Government publishes approach to post-Brexit trade deal with the EU
What is the Government’s approach to a post-Brexit trade deal with the EU?The key takeaways
The UK Government seeks to proceed with EU trade deal negotiations, aiming for a free trade agreement along the lines of the EU-Canada agreement or the EU-Japan agreement.
The UK left the EU on 31 January 2020 and entered an 11-month transition period. During this time, the Government and the EU have been negotiating a trade deal, which if not concluded, will result in the UK trading with the EU under World Trade Organisation rules.
After a third round of talks in May, the Government published a set of 13 documents setting out the UK’s approach to the future relationship with the EU. This is set against the backdrop of COVID-19 which has imported a sense of urgency into talks as economic uncertainty affects companies and economies across Europe.
The approach taken by the UK is very much along the lines of negotiating a free-trade agreement, similar to those concluded between the EU and Canada, Japan and South Korea. However, it has not proposed to establish new trading relationships in respect of all sectors in one agreement. Rather, it considers that separate agreements may be required for fisheries, law enforcement and more technical areas including aviation, energy and civil nuclear co-operation.
Points of particular importance to organisations with a technological focus include a desire to incorporate provisions relating to electronic authentication similar to those which have evolved in EU agreements with Australia and Mexico in the proposed UK-EU trade deal. The principle of frictionless data-flow in the digital economy was reiterated and should underpin any future trade agreement.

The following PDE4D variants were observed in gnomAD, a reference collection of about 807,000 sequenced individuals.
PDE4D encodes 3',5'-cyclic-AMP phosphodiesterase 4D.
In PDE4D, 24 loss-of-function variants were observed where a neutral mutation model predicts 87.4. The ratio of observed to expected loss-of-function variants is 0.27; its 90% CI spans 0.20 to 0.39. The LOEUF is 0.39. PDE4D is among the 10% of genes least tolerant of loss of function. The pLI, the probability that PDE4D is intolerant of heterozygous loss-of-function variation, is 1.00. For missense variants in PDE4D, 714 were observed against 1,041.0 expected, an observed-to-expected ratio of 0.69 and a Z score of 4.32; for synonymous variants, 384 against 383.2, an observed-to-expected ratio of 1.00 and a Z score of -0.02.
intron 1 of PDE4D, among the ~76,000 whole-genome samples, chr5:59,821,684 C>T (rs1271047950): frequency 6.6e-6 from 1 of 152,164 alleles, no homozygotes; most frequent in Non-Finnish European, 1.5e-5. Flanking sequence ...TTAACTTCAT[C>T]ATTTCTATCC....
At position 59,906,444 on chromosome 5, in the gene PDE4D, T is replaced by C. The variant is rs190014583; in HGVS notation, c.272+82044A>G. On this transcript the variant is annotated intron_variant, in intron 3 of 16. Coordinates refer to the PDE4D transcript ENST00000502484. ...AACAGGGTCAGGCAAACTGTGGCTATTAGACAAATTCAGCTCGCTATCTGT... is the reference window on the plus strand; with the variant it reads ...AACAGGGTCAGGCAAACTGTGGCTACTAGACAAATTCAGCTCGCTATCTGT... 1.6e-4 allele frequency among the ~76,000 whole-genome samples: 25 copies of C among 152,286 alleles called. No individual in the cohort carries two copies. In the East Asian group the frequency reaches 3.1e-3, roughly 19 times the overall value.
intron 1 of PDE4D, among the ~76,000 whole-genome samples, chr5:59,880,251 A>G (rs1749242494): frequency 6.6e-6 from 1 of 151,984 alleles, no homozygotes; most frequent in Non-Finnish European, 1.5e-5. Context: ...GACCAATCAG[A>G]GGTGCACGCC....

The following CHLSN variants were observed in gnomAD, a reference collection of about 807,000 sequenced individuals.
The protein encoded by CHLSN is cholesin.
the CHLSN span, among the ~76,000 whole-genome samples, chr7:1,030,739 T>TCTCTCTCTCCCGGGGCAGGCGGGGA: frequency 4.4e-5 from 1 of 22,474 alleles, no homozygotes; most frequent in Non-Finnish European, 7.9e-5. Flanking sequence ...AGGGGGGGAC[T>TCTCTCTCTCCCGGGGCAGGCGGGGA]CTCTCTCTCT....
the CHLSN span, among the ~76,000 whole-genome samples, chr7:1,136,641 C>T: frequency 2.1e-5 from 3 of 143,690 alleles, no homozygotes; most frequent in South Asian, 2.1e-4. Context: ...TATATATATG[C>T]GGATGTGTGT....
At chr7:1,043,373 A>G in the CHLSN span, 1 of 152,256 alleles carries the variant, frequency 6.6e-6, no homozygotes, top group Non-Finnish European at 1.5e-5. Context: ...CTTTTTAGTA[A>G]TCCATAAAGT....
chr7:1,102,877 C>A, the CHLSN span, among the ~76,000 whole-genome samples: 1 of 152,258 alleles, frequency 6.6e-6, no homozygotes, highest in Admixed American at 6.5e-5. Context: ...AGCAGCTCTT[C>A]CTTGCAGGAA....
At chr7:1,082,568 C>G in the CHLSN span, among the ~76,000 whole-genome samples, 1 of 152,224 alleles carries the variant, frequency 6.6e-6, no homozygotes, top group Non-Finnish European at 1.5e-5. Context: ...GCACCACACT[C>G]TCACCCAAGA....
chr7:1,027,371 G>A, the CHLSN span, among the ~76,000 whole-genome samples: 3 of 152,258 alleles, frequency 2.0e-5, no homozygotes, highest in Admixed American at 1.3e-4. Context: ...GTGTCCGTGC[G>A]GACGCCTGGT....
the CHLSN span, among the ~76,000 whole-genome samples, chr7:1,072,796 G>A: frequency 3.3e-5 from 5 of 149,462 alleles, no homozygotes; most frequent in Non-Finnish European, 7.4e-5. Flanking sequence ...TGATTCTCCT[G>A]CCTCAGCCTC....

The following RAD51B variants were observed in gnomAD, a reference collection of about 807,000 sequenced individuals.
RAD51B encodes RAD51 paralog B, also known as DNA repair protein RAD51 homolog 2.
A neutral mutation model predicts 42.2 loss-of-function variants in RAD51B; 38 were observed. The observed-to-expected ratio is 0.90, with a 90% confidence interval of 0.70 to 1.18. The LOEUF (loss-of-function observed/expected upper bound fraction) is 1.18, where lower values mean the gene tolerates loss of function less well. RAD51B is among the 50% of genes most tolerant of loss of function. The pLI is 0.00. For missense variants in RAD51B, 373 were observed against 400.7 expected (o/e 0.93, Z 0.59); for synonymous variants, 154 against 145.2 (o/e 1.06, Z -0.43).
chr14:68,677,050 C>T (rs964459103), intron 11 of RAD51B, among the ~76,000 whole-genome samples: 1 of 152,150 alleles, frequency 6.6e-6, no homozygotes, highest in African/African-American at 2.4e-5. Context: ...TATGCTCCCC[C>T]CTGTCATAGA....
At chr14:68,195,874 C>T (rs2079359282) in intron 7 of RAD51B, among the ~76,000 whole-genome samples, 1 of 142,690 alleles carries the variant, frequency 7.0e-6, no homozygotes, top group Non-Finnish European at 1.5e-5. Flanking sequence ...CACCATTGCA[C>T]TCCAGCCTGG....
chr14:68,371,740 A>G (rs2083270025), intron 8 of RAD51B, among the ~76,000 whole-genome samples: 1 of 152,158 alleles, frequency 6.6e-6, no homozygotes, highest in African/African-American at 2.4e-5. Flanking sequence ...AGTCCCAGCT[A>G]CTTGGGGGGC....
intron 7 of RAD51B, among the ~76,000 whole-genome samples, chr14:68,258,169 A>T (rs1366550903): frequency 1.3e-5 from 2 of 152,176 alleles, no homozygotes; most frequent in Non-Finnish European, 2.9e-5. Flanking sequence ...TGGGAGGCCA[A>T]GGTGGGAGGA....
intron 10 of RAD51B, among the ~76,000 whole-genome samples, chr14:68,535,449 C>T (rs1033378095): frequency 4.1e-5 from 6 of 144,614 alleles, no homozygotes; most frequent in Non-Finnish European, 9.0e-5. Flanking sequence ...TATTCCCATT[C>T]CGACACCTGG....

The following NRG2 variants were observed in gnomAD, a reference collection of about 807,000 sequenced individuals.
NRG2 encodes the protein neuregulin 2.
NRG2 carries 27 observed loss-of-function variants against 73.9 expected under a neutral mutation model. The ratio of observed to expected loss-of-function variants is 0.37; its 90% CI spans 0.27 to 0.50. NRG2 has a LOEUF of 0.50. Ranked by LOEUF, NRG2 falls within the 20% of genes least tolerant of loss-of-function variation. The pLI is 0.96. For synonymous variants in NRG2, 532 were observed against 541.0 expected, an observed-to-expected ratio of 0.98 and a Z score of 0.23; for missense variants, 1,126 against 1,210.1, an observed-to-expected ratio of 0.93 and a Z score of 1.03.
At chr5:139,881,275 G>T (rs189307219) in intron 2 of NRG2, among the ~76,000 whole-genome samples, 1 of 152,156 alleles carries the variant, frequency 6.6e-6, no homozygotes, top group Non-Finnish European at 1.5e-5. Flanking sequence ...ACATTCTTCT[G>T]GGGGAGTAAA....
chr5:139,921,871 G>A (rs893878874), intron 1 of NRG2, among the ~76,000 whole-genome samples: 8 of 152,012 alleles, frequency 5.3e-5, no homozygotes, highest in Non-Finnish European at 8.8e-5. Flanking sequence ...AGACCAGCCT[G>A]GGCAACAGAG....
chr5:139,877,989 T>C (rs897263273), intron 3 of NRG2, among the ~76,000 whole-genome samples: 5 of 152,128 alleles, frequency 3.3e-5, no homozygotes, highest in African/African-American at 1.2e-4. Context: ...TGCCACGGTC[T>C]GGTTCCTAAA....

The Government also considers provisions relating to cross border trade in services should ideally be along the lines of those in CETA and the EU-Japan EPA, promoting ongoing liberalisation for trade in services and investment.
The Government holds up CETA and the EU-Japan EPA as a suitable precedent for a substantial number of other areas to be negotiated across multiple sectors.
Why is this important?
For companies engaging in cross border trade, Brexit is likely to be an industry defining event, the consequences of which will be determined by the trade deal struck between the EU and the UK.
Adapting to the new status quo may involve relatively minor adjustments in business practices for some, and significant upheaval for other businesses depending partly on the degree to which their activity is underpinned by EU regulation.
Any practical tips?
Whilst there is still a great deal of uncertainty surrounding trade talks, it is still important to keep up with developments to best manoeuvre one’s business in relation to the evolving situation.